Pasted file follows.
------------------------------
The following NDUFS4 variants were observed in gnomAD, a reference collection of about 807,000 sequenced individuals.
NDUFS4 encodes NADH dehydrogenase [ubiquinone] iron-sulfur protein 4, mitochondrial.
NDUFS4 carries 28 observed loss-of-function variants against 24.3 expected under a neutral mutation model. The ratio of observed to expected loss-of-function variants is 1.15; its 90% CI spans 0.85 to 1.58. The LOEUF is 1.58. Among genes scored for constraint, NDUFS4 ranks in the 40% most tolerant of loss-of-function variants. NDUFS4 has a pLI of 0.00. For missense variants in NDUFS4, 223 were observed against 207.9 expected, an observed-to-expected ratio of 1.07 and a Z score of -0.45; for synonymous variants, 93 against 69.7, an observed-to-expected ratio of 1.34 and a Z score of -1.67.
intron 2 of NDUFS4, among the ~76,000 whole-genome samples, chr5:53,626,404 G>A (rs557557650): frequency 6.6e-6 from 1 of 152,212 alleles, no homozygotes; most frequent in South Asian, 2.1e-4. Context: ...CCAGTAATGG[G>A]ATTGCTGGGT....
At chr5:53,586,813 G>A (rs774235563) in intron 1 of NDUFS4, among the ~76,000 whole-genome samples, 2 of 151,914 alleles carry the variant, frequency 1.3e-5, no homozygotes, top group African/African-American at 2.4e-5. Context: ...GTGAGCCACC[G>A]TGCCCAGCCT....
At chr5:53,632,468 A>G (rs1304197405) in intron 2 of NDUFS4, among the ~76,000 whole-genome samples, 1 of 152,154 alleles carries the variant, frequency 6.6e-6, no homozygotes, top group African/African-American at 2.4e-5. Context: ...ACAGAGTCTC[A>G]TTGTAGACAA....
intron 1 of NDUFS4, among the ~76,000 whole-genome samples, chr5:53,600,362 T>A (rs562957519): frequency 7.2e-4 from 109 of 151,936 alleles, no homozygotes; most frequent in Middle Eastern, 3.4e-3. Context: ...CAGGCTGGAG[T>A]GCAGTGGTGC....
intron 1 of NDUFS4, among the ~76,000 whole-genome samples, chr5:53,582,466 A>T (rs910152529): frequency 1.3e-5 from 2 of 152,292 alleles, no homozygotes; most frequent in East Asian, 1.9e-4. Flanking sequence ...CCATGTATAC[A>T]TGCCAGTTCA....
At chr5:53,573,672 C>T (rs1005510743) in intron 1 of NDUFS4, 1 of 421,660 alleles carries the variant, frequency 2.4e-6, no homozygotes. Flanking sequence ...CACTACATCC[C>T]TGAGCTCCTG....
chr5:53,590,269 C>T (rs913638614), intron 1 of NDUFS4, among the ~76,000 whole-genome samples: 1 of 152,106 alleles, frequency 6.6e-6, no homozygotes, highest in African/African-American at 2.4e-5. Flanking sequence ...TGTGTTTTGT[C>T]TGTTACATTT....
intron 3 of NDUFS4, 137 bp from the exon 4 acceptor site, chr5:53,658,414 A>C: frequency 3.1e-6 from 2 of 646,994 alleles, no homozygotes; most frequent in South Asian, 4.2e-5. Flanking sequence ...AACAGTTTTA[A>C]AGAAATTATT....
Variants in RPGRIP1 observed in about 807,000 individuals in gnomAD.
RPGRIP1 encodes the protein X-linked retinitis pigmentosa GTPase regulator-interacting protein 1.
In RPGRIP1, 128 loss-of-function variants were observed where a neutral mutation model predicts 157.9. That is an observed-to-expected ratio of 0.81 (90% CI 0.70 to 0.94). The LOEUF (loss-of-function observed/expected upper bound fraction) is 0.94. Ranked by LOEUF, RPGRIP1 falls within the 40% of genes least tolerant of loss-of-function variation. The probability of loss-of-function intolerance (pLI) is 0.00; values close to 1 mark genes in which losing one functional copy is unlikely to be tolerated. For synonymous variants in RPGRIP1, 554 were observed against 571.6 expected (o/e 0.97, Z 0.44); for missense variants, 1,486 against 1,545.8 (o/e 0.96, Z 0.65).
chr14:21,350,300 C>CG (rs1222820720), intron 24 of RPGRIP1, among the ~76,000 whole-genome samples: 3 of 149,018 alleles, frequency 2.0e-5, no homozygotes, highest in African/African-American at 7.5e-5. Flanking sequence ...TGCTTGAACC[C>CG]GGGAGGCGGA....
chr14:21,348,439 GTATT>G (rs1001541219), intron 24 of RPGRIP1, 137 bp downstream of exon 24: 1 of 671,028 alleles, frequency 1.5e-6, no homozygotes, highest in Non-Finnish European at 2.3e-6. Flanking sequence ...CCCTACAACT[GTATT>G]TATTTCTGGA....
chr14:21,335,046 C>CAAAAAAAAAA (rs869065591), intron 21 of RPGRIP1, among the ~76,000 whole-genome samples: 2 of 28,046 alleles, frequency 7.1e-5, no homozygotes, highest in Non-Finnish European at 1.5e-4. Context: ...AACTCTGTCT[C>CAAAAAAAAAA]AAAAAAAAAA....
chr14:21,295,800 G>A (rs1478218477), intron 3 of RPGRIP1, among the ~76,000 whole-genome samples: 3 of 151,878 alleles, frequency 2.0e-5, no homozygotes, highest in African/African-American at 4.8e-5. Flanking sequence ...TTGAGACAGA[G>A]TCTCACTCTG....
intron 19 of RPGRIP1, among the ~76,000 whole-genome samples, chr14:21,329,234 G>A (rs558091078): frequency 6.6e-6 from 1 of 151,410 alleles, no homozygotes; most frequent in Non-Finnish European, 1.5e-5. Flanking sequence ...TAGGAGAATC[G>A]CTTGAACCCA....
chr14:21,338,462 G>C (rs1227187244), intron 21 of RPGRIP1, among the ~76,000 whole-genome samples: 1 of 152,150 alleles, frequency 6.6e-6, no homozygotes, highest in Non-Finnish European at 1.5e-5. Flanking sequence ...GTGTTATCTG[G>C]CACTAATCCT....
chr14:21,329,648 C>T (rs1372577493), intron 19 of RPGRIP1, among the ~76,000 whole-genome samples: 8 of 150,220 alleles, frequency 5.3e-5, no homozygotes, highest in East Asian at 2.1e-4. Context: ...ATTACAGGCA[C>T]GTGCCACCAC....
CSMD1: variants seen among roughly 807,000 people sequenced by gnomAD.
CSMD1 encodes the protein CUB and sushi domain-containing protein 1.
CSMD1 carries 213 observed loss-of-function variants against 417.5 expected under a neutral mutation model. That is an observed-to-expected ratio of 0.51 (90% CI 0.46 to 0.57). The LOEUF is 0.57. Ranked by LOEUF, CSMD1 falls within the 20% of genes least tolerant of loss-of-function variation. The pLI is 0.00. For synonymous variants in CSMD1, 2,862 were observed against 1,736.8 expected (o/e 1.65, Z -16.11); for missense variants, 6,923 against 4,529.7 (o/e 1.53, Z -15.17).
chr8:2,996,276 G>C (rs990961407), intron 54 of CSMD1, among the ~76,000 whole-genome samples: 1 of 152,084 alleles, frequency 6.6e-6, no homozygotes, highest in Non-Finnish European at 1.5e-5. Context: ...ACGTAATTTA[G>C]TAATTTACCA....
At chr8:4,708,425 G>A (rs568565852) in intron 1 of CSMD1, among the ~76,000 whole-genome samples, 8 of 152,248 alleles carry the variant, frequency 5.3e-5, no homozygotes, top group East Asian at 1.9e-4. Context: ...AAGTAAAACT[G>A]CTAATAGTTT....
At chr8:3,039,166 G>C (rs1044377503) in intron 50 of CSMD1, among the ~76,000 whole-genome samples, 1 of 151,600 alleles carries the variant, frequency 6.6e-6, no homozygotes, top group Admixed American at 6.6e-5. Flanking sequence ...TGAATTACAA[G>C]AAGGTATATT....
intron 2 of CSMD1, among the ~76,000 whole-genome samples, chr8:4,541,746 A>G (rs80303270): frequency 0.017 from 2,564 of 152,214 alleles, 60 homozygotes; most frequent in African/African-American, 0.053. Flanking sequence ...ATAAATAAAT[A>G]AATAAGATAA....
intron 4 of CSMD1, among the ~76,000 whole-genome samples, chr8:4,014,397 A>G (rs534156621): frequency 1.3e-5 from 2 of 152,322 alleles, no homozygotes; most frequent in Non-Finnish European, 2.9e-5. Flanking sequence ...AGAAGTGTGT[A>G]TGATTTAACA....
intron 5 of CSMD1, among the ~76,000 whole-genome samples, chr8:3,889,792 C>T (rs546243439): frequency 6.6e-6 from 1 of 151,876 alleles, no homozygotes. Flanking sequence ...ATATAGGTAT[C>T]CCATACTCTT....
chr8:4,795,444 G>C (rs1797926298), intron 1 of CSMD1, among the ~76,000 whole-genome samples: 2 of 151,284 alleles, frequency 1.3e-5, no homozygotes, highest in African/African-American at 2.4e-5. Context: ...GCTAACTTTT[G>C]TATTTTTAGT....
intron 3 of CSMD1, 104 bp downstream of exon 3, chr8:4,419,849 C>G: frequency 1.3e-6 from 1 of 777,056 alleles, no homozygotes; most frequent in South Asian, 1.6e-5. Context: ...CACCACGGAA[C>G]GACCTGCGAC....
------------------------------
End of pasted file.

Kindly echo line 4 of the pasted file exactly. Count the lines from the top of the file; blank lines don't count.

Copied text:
intron 2 of NDUFS4, among the ~76,000 whole-genome samples, chr5:53,626,404 G>A (rs557557650): frequency 6.6e-6 from 1 of 152,212 alleles, no homozygotes; most frequent in South Asian, 2.1e-4. Context: ...CCAGTAATGG[G>A]ATTGCTGGGT....